"People here look at a divorced woman as if she is nothing," says Wissam Yassin, who plays the lead, Farcha, a young divorced woman who has left her husband and returned to her parents' home, but is perceived as a wrongdoer because she has brought shame on them by getting a divorce. She is confined to the home to save the family honour.
"Our message to both women and society in general is that divorce is not the end of the world. Women should go out, study and be able to continue with their lives. Women have a right to self-realisation," states Yassin.
This message highlights the significance of "Mr. Perfect." Not only is it taboo to discuss abuses against women, but Palestinians as a whole shun publicly discussing their internal problems during the Intifada because they feel that this detracts attention from their struggle against the Israeli occupation.
"The negative people argue that during the Intifada we must not talk about these 'small' issues because we must concentrate all our effort on our struggle to end the occupation," says Abu Zayed. "But this is a pretext, it's nonsense. You can struggle and you can live your life. The battle is long, we can't postpone our lives."
"I don't believe we should wait to discuss internal issues until after the end of the occupation. Women's issues in particular are very significant in our society," says Atef Abu Saif, the native Gazan playwright. Abu-Zaydan agrees: "We must speak out about these problems.
Another noteworthy aspect is explained by Nabil Diab, Yassin's husband: "You know, in Gaza, it's not acceptable that women act in plays. Here, all the Palestinian people say a woman acting is shameful. She should be at home, producing and taking care of children."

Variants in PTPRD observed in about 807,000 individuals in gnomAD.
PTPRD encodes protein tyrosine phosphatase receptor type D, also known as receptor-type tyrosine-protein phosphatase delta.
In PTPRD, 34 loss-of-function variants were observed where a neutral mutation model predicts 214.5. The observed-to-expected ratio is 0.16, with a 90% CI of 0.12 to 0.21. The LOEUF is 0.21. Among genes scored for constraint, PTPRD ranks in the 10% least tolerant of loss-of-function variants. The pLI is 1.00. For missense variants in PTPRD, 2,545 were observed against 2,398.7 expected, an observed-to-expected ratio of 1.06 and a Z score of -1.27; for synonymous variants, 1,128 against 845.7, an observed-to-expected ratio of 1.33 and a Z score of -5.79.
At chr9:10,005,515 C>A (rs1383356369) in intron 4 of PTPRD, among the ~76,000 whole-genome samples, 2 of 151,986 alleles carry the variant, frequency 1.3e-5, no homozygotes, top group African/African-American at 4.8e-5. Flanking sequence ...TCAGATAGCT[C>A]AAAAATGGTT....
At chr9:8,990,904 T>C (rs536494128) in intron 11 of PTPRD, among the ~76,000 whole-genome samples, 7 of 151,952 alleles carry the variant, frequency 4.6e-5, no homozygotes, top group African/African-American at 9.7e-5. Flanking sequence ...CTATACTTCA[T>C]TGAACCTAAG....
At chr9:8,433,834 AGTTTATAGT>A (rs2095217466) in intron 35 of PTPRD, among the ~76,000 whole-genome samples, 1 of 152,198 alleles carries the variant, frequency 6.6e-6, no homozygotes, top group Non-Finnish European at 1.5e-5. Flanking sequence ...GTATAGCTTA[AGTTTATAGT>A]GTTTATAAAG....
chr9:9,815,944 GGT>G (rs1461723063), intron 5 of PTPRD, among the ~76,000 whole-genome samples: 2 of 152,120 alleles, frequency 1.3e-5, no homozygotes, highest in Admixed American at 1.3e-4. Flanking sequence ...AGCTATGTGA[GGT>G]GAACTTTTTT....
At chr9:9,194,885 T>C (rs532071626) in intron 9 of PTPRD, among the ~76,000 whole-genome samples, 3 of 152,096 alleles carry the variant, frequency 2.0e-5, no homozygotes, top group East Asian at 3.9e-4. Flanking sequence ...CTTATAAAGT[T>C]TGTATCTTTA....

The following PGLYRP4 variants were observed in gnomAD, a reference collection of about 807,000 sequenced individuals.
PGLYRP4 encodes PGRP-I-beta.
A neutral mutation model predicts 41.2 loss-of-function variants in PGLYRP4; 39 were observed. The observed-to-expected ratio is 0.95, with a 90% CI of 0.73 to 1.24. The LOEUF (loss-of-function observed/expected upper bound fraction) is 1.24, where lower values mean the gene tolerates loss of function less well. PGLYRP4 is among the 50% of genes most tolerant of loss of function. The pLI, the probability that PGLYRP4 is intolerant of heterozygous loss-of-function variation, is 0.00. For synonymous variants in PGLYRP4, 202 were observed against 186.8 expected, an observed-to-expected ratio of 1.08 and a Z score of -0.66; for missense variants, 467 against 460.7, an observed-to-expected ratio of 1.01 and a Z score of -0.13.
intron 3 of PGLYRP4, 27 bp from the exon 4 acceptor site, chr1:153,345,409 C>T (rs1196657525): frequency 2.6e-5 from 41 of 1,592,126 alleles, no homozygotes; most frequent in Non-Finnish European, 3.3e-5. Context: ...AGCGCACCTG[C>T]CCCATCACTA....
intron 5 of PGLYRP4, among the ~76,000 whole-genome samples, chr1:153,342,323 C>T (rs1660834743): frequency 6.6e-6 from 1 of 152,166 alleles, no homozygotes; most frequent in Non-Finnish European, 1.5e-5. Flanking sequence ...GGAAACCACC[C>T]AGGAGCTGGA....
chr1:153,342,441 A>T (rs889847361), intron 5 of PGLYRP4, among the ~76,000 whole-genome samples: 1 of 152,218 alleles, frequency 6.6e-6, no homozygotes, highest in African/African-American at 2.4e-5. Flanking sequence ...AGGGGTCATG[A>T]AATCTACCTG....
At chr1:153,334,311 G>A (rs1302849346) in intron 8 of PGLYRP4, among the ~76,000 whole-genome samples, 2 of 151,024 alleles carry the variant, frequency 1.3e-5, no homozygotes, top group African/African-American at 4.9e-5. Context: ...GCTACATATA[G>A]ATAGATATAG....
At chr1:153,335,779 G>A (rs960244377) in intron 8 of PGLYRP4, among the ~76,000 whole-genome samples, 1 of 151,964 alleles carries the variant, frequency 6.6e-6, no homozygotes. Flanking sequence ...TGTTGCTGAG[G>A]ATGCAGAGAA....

The women's biggest fear is of Mohamed Abu Kwaik, who plays "chauvinism" incarnate. Abu Kwaik is the husband, the father, the colonial landlord and a soldier. In the end, dressed in a grey oversized winter pyjamas, the actor is the devil representing society's stereotypes and the women's own fear. In a frightening voice, he declares, "I am the rumour, the nightmare, the broken dream. I am the unknown that you fear. I live inside every man, in his flesh, skin and clothes ... in his soul, mind, movement and laughter."
A graduate of the School of Visual Theatre in Jerusalem, Mozain makes clever use of symbolism in the props. At the start of the play a large skin-coloured piece of rubber with three holes covers the floor. Under each hole is a young woman trying to "release herself from the fears in her depths." The rear wall of the set is a circular screen, which is held up by ropes in the form of a spider's web representing the hidden things in one's psyche. The play combines song, dance and acting. The play's handbill in English and Arabic makes a comparison between Palestinian male and societal "occupation" of Palestinian women's lives and the Israeli occupation of Palestinian people. It reads: "In this play we try to find a special voice, and the challenge that [sic] our work comes in a [sic] very critical circumstances on the political level.